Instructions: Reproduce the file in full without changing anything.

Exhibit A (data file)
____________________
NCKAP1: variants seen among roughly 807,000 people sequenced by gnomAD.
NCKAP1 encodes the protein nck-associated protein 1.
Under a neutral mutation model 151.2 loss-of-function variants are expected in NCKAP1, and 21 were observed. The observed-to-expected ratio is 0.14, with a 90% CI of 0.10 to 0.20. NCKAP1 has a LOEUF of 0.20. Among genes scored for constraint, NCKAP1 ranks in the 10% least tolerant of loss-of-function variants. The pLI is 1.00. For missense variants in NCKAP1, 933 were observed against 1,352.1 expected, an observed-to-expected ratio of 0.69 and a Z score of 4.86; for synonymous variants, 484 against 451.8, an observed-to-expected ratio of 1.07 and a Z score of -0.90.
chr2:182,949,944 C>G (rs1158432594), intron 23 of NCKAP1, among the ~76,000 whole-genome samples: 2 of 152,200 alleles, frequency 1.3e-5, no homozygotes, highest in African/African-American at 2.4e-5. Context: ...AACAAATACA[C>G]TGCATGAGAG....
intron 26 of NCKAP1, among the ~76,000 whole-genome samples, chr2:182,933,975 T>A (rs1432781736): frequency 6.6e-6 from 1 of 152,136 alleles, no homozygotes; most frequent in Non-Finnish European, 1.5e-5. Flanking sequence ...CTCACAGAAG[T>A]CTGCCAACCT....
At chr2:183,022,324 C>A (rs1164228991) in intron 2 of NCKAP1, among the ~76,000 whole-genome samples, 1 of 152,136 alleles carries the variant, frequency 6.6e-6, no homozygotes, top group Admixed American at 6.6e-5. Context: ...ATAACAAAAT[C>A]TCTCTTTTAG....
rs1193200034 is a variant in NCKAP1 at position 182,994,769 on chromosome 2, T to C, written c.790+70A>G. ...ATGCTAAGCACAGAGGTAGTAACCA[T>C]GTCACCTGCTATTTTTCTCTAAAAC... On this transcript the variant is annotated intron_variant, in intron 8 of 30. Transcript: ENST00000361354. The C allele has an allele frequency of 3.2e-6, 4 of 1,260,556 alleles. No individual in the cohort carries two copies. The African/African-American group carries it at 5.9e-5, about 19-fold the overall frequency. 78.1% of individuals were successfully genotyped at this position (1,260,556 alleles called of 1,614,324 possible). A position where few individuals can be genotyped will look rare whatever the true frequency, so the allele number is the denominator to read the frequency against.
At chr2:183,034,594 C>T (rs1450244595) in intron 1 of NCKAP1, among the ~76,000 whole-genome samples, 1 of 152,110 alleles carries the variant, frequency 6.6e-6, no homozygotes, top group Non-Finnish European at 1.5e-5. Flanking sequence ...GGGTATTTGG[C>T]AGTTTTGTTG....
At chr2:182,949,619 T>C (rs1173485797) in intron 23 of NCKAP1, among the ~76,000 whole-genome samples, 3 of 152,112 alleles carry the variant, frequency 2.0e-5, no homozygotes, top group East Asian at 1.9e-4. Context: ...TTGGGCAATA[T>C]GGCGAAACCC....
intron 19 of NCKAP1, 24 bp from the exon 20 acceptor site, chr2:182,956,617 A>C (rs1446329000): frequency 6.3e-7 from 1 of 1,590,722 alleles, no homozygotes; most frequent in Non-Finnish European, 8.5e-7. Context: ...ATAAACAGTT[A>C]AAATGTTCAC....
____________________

NCKAP1: variants seen among roughly 807,000 people sequenced by gnomAD.
NCKAP1 encodes the protein nck-associated protein 1.
Under a neutral mutation model 151.2 loss-of-function variants are expected in NCKAP1, and 21 were observed. The observed-to-expected ratio is 0.14, with a 90% CI of 0.10 to 0.20. NCKAP1 has a LOEUF of 0.20. Among genes scored for constraint, NCKAP1 ranks in the 10% least tolerant of loss-of-function variants. The pLI is 1.00. For missense variants in NCKAP1, 933 were observed against 1,352.1 expected, an observed-to-expected ratio of 0.69 and a Z score of 4.86; for synonymous variants, 484 against 451.8, an observed-to-expected ratio of 1.07 and a Z score of -0.90.
chr2:182,949,944 C>G (rs1158432594), intron 23 of NCKAP1, among the ~76,000 whole-genome samples: 2 of 152,200 alleles, frequency 1.3e-5, no homozygotes, highest in African/African-American at 2.4e-5. Context: ...AACAAATACA[C>G]TGCATGAGAG....
intron 26 of NCKAP1, among the ~76,000 whole-genome samples, chr2:182,933,975 T>A (rs1432781736): frequency 6.6e-6 from 1 of 152,136 alleles, no homozygotes; most frequent in Non-Finnish European, 1.5e-5. Flanking sequence ...CTCACAGAAG[T>A]CTGCCAACCT....
At chr2:183,022,324 C>A (rs1164228991) in intron 2 of NCKAP1, among the ~76,000 whole-genome samples, 1 of 152,136 alleles carries the variant, frequency 6.6e-6, no homozygotes, top group Admixed American at 6.6e-5. Context: ...ATAACAAAAT[C>A]TCTCTTTTAG....
rs1193200034 is a variant in NCKAP1 at position 182,994,769 on chromosome 2, T to C, written c.790+70A>G. ...ATGCTAAGCACAGAGGTAGTAACCA[T>C]GTCACCTGCTATTTTTCTCTAAAAC... On this transcript the variant is annotated intron_variant, in intron 8 of 30. Transcript: ENST00000361354. The C allele has an allele frequency of 3.2e-6, 4 of 1,260,556 alleles. No individual in the cohort carries two copies. The African/African-American group carries it at 5.9e-5, about 19-fold the overall frequency. 78.1% of individuals were successfully genotyped at this position (1,260,556 alleles called of 1,614,324 possible). A position where few individuals can be genotyped will look rare whatever the true frequency, so the allele number is the denominator to read the frequency against.
At chr2:183,034,594 C>T (rs1450244595) in intron 1 of NCKAP1, among the ~76,000 whole-genome samples, 1 of 152,110 alleles carries the variant, frequency 6.6e-6, no homozygotes, top group Non-Finnish European at 1.5e-5. Flanking sequence ...GGGTATTTGG[C>T]AGTTTTGTTG....
At chr2:182,949,619 T>C (rs1173485797) in intron 23 of NCKAP1, among the ~76,000 whole-genome samples, 3 of 152,112 alleles carry the variant, frequency 2.0e-5, no homozygotes, top group East Asian at 1.9e-4. Context: ...TTGGGCAATA[T>C]GGCGAAACCC....
intron 19 of NCKAP1, 24 bp from the exon 20 acceptor site, chr2:182,956,617 A>C (rs1446329000): frequency 6.3e-7 from 1 of 1,590,722 alleles, no homozygotes; most frequent in Non-Finnish European, 8.5e-7. Context: ...ATAAACAGTT[A>C]AAATGTTCAC....